The first two stages play exactly the same, only the enemy nanos are a bit stronger. Because of this and because of the same environment and similar opponents, Synced still seems quite repetitive. Only in the third round do you fight directly against a boss and get a little variety. If you die and aren’t revived by a teammate first, you can come back twice in total. After that, you’re out for the rest of the match. So that nobody had to twiddle their thumbs for the remaining rounds, my team had no choice but to kill themselves on purpose in order to be able to start a new game with our third party.

A teammate’s nano heals the entire squad. You can also acquire a regeneration ability via an upgrade.

Not much changes in PvP. You continue to play in threes, but this time against Nanos and three other teams. The team that has collected the most Nerva at the end wins. Victory can also be achieved by eliminating all other teams. Other upgrades are also used here for balancing reasons. A small tactical trick at the beginning of each round, which made me happy, was a 3D map on which you can uncover areas you have selected yourself before landing in the death zone. You can scan the map three times for important buildings in order to get the loot right at the beginning before others do. But it can also be the case that you select areas in which nothing is displayed to you at all.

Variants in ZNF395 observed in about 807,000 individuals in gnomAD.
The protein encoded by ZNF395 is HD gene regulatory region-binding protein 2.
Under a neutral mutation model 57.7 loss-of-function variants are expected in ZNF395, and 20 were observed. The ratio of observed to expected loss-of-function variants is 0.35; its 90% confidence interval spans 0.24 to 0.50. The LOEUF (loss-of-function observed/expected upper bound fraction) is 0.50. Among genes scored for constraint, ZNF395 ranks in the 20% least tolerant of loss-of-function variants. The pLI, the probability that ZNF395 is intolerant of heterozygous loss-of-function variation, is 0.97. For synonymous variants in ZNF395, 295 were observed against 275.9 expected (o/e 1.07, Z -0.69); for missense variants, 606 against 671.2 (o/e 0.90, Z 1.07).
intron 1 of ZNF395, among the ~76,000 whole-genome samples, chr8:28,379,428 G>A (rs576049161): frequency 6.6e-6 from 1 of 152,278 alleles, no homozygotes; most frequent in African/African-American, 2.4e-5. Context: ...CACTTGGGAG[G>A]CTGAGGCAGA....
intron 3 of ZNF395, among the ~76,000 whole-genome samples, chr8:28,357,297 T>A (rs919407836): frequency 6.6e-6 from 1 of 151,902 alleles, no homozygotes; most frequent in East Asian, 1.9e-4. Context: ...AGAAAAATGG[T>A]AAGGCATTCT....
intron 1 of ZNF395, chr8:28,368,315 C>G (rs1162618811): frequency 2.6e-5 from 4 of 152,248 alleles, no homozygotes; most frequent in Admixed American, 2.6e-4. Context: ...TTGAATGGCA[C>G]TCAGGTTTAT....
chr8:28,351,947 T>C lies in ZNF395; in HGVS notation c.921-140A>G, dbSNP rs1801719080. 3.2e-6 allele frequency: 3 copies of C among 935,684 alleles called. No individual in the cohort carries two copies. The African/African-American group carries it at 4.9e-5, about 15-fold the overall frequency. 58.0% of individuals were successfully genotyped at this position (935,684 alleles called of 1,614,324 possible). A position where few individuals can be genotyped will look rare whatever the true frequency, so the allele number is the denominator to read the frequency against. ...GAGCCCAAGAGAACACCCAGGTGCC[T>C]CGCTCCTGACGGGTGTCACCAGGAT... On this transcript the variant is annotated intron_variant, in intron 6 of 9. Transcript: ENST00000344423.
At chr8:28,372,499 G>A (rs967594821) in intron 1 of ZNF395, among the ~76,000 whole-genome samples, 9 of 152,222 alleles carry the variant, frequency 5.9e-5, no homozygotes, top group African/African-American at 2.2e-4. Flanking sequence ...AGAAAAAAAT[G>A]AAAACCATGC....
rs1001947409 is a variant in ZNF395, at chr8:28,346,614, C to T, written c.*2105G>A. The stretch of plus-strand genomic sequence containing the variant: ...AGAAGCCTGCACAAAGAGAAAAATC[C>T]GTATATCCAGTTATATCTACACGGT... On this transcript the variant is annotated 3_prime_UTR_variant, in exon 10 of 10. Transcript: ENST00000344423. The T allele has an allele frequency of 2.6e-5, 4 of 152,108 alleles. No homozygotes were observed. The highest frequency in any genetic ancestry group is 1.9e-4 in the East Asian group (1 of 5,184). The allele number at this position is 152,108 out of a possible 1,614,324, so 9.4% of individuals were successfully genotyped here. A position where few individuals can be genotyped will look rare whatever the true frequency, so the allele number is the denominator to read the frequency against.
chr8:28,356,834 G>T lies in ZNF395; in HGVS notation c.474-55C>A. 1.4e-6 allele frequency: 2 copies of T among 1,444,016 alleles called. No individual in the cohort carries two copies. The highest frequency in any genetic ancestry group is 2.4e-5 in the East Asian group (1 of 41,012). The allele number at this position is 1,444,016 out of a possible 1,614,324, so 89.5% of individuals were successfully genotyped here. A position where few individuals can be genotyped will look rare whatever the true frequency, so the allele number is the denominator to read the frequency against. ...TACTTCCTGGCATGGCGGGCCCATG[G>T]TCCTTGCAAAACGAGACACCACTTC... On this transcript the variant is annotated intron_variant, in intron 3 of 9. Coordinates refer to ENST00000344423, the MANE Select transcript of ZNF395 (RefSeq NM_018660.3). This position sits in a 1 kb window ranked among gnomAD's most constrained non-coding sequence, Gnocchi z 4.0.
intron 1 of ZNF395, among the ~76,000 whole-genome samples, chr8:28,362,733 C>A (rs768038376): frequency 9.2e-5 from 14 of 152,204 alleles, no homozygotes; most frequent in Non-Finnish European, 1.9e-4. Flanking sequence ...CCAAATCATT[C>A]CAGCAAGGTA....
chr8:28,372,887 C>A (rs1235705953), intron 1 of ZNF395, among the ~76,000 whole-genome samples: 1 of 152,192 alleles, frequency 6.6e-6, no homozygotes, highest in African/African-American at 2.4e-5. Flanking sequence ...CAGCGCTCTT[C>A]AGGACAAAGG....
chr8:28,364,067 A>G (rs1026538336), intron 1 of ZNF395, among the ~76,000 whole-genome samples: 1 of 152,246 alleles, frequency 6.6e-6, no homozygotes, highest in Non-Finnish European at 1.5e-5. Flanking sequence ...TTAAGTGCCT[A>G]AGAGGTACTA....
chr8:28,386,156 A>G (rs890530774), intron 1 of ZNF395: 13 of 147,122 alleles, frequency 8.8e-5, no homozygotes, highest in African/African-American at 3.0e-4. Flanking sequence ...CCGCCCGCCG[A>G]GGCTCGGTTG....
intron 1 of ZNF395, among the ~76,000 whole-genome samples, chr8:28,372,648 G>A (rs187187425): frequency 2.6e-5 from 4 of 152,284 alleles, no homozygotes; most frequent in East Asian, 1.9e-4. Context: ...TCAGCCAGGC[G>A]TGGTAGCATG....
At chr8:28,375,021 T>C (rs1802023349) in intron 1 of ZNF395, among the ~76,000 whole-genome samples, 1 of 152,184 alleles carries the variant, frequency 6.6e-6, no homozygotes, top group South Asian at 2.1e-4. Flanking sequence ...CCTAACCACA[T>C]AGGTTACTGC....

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In PvP, you’re more likely to find weapons and ammo on the ground or in chests. Spots with a lot of loot are often contested and thus attract the action.